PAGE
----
Metals Stocks: Gold down a third session as Treasury yields move up after U.S. GDP reading


Gold futures ended lower Thursday for a third-straight session, as U.S. Treasury yields moved up following data showing strong first-quarter growth in the U.S. economy.

The U.S. economy charged ahead since the start of the year, with gross domestic product, the official scorecard for the U.S. economy, climbing at a 6.4% annual pace in the first quarter, the government said Thursday.

Against that backdrop, U.S. yields climbed, with the 10-year rate BX:TMUBMUSD10Y up nearly 3 basis points at 1.65%. Higher yields raise the opportunity cost of holding nonyielding assets like gold.

“Gold continues to digest the large upward move in U.S. rates, and the now-prevailing consensus that inflation will rise as the economy rebounds,” said Peter Grosskopf, chief executive officer of Sprott. “We believe the primary reason for gold’s pullback is growing complacency regarding deficits and debt buildup.”  Gold futures trade slightly lower for the week so far, and have lost almost 7% year to date.

Gold’s moves Thursday also followed dovish remarks Wednesday by Federal Reserve Chairman Jerome Powell. The Fed stuck to its strategy of helping the U.S. economy with ultra-low interest rates.

Read: Fed’s Powell ‘doesn’t blink,’ and 5 other things we learned from his press conference

“The FOMC and related Powell comments are short-term neutral and long term supportive to the gold price,” Grosskopf told MarketWatch. “Basically, Powell’s comments confirmed that the Fed will continue to ‘spike the punch bowl’ for the foreseeable future.  Other markets took that as confirmation for risk on trades, while gold rests for now.”  

Gold for June delivery


lost $5.60, or 0.3%, to settle at $1,768.30 an ounce on Comex. July silver

fell 3 cents, or 0.1%, to nearly $26.09 an ounce.

Following this week’s Fed policy update, there will likely be “increasing focus on Treasury auctions as the stimulus and deficits are funded,” said Grosskopf, who also added that the “need for a gold allocation in portfolios has never been greater.”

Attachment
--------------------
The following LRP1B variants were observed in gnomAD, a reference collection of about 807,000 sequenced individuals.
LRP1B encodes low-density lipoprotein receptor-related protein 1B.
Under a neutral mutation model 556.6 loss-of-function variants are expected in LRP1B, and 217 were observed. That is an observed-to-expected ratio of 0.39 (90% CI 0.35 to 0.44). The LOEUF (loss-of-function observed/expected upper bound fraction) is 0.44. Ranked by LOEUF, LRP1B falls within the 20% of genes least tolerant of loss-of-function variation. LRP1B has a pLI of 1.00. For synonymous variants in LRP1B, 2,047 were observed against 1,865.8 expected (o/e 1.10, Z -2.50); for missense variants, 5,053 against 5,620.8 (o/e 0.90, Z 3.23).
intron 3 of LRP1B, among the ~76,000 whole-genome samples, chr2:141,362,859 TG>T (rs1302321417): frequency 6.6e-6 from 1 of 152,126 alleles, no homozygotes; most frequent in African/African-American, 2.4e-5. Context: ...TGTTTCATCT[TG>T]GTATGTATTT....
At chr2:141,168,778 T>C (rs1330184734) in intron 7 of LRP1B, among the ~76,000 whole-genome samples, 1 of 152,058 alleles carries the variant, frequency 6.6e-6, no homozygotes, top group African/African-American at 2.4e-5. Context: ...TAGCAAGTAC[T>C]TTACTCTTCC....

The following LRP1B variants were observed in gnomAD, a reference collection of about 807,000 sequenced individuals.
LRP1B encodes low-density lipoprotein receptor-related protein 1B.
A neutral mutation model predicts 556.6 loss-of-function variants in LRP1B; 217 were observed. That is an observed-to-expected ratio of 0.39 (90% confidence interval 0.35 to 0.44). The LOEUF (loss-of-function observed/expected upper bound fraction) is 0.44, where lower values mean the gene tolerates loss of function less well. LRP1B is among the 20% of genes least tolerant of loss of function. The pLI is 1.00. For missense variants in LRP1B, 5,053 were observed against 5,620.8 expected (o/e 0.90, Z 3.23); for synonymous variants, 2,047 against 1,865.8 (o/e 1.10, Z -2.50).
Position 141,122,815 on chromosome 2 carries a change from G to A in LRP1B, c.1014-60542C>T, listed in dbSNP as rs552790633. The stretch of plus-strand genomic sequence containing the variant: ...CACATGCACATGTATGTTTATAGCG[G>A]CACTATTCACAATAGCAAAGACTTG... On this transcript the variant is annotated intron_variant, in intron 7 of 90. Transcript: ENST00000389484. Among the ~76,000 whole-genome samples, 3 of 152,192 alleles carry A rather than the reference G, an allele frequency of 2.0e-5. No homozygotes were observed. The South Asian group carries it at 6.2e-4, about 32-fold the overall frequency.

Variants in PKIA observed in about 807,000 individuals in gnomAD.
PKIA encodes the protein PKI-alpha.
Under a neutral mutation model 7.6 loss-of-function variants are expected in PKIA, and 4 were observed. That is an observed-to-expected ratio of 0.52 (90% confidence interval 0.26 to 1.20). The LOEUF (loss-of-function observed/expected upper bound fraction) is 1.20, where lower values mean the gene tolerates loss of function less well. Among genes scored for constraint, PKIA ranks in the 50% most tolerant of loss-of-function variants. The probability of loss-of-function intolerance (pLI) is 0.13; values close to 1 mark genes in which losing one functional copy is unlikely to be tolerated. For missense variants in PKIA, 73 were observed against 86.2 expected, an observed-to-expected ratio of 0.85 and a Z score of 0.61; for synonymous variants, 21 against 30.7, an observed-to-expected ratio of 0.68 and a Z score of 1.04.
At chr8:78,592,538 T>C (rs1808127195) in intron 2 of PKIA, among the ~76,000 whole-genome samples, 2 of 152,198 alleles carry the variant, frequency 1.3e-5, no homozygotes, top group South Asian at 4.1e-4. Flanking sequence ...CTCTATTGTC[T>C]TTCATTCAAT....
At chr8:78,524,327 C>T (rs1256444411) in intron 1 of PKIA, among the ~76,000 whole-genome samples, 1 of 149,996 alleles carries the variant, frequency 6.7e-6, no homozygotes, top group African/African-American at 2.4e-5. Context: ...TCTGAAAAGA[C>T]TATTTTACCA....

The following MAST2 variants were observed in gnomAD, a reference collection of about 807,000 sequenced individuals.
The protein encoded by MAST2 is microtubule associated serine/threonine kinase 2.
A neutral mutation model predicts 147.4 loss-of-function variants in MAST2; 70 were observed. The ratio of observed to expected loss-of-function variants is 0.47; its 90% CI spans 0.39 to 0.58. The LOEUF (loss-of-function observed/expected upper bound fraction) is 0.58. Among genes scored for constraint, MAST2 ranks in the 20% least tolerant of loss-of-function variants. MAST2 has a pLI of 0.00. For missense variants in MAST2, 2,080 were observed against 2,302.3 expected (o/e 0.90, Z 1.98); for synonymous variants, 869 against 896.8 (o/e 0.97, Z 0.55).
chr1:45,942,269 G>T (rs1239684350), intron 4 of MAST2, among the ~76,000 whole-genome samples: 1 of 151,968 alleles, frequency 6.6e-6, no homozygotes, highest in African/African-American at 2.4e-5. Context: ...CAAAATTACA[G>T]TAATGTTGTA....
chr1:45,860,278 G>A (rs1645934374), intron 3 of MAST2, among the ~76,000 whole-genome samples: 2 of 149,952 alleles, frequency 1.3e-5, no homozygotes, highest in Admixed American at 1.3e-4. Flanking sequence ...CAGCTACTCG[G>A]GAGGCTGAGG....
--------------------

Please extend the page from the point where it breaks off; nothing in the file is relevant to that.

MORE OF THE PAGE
There’s an “overwhelming consensus that massive stimulus is good for markets and economies, and that there will be no fallout,” he said. “Gold sentiment hit long-term lows within the last month as a result, which usually marks a turning point.”

Grosskopf thinks the $1,800 level for prices is “within easy reach on a single, risk-off trading day, but reclaiming the $2,000 mark would be possible “during corrections in markets — high yield, Treasurys, equities or other.”

Meanwhile, data from the World Gold Council released Thursday showed weak global demand for gold in the first quarter.

Global gold demand in the first quarter dropped from a year ago on the back of a more than 70% year-over-year decline in gold investments, according to a report from the World Gold Council released Thursday. The WGC said total world gold demand for the quarter was at 815.7 metric tons, down 23% compared with the first quarter of 2020, though it was “on a par” with the fourth quarter of 2020.

Rounding out action in Comex metals, July copper

shed 0.2% to $4.49 a pound. July platinum

shed 1.2% to $1,197.60 an ounce and June palladium

settled at $2,948.60 an ounce, up 0.6%.

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